NCAA Seeking to Change Sexual Violence Policies

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The NCAA said it wants to change its policies on student-athletes with history of sexual violence.

The NCAA's board of governors plans to work on expanding the organization's sexual violence policies.

Currently, the NCAA does not have rules that prohibit schools from accepting student-athletes with a record of sexual violence. The board had a "robust discussion" in its annual NCAA convention on Wednesday about changes to that policy, according to chairman Michael Drake.

"I think we are committed to addressing this very important issue," Drake said.

In December, two members of Congress called for the creation of an independent commission to look into how college athletes who have been punished for sexual assault have no restrictions from transferring to a new school.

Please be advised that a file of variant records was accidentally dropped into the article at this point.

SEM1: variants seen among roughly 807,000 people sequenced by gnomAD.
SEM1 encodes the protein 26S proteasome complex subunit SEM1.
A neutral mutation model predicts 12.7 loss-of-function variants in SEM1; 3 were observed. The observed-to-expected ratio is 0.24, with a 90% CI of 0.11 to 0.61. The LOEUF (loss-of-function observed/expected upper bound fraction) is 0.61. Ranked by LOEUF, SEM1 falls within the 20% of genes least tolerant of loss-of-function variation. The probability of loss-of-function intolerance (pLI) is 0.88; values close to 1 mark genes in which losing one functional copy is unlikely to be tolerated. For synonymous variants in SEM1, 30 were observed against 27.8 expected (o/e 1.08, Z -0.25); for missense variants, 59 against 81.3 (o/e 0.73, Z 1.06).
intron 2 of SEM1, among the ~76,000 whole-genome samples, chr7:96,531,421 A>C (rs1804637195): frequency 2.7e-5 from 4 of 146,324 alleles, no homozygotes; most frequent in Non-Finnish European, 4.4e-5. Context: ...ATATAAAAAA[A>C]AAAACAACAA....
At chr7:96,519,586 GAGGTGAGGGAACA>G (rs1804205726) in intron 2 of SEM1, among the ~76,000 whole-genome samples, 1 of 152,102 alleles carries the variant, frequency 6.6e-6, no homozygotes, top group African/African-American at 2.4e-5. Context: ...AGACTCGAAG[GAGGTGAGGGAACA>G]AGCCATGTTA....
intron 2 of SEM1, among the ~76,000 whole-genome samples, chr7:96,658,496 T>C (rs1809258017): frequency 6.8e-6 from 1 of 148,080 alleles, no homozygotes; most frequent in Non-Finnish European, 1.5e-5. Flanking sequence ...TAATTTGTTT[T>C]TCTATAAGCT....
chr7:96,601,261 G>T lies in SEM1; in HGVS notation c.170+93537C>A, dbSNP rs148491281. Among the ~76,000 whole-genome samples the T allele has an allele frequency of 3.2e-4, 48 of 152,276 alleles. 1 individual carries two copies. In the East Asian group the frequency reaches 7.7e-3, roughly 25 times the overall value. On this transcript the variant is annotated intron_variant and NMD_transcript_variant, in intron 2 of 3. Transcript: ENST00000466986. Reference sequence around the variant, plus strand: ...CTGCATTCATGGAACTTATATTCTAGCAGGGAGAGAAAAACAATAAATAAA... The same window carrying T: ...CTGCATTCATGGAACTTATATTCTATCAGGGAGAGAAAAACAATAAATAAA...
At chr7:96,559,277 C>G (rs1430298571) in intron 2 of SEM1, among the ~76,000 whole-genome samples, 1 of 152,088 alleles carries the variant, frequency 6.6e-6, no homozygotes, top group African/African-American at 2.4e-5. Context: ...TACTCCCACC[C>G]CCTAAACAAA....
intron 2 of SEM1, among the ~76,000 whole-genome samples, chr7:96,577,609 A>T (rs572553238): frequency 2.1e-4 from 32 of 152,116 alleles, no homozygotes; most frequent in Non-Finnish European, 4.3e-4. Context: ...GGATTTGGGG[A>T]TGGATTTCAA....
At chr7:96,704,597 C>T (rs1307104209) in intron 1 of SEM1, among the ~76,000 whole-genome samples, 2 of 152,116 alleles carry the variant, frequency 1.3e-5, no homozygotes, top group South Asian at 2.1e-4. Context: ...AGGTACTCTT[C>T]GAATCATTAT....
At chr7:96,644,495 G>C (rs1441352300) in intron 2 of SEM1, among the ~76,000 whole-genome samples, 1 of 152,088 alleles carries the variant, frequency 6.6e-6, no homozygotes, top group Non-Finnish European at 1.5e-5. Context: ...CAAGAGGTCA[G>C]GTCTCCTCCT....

Former University of Miami president and Democratic Rep. Donna Shalala told USA Today that there is "no question" the NCAA should have a personal conduct policy for student-athletes, along with strict transfer regulations. The comments followed a USA Today investigation into how college athletes can continue playing after being found guilty of sexual assault.

Drake said that the board of governors' discussions on Wednesday were not directly related to Congress's call for a commission.

"This has been an active area of discussion for us over these last several months," Drake said.

While the NCAA's board of governors plans to meet in a special session in the coming weeks regarding the policies, no date has yet been set. NCAA president Mark Emmert is expected to speak at the convention in his "state of college sports" address Thursday.